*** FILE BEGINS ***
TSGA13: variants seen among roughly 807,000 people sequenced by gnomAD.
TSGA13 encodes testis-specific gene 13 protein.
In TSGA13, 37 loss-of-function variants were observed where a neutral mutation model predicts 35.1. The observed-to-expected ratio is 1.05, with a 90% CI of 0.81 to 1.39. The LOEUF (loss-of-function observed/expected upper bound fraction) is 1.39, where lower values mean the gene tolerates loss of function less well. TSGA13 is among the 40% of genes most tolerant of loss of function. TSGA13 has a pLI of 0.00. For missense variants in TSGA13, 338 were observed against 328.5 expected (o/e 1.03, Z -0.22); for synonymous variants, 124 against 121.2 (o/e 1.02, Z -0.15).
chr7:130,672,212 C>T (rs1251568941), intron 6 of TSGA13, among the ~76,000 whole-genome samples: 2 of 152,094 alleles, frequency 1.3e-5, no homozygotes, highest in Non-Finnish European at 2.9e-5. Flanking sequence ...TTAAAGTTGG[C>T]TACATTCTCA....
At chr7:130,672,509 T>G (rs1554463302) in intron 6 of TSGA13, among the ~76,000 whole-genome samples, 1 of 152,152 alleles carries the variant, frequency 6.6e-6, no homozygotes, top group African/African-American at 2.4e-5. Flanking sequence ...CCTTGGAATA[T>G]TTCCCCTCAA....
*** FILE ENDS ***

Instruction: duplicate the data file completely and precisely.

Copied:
TSGA13: variants seen among roughly 807,000 people sequenced by gnomAD.
TSGA13 encodes testis-specific gene 13 protein.
In TSGA13, 37 loss-of-function variants were observed where a neutral mutation model predicts 35.1. The observed-to-expected ratio is 1.05, with a 90% CI of 0.81 to 1.39. The LOEUF (loss-of-function observed/expected upper bound fraction) is 1.39, where lower values mean the gene tolerates loss of function less well. TSGA13 is among the 40% of genes most tolerant of loss of function. TSGA13 has a pLI of 0.00. For missense variants in TSGA13, 338 were observed against 328.5 expected (o/e 1.03, Z -0.22); for synonymous variants, 124 against 121.2 (o/e 1.02, Z -0.15).
chr7:130,672,212 C>T (rs1251568941), intron 6 of TSGA13, among the ~76,000 whole-genome samples: 2 of 152,094 alleles, frequency 1.3e-5, no homozygotes, highest in Non-Finnish European at 2.9e-5. Flanking sequence ...TTAAAGTTGG[C>T]TACATTCTCA....
At chr7:130,672,509 T>G (rs1554463302) in intron 6 of TSGA13, among the ~76,000 whole-genome samples, 1 of 152,152 alleles carries the variant, frequency 6.6e-6, no homozygotes, top group African/African-American at 2.4e-5. Flanking sequence ...CCTTGGAATA[T>G]TTCCCCTCAA....